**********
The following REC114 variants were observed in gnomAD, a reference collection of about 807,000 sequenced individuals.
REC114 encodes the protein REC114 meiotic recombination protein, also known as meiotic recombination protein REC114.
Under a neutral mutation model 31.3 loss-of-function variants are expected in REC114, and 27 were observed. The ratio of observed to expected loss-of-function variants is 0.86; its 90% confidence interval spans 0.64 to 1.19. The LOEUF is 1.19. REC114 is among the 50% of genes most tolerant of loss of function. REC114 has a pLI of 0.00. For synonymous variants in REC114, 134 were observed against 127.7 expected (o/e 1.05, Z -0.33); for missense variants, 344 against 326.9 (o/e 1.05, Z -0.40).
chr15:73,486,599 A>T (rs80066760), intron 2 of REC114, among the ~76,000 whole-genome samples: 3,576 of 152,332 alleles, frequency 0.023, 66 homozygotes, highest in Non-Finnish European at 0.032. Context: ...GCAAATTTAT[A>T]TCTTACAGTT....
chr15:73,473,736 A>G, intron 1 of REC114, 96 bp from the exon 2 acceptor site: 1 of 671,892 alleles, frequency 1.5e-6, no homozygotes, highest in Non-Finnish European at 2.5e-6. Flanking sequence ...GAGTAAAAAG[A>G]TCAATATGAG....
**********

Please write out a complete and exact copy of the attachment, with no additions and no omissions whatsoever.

The following REC114 variants were observed in gnomAD, a reference collection of about 807,000 sequenced individuals.
REC114 encodes the protein REC114 meiotic recombination protein, also known as meiotic recombination protein REC114.
Under a neutral mutation model 31.3 loss-of-function variants are expected in REC114, and 27 were observed. The ratio of observed to expected loss-of-function variants is 0.86; its 90% confidence interval spans 0.64 to 1.19. The LOEUF is 1.19. REC114 is among the 50% of genes most tolerant of loss of function. REC114 has a pLI of 0.00. For synonymous variants in REC114, 134 were observed against 127.7 expected (o/e 1.05, Z -0.33); for missense variants, 344 against 326.9 (o/e 1.05, Z -0.40).
chr15:73,486,599 A>T (rs80066760), intron 2 of REC114, among the ~76,000 whole-genome samples: 3,576 of 152,332 alleles, frequency 0.023, 66 homozygotes, highest in Non-Finnish European at 0.032. Context: ...GCAAATTTAT[A>T]TCTTACAGTT....
chr15:73,473,736 A>G, intron 1 of REC114, 96 bp from the exon 2 acceptor site: 1 of 671,892 alleles, frequency 1.5e-6, no homozygotes, highest in Non-Finnish European at 2.5e-6. Flanking sequence ...GAGTAAAAAG[A>G]TCAATATGAG....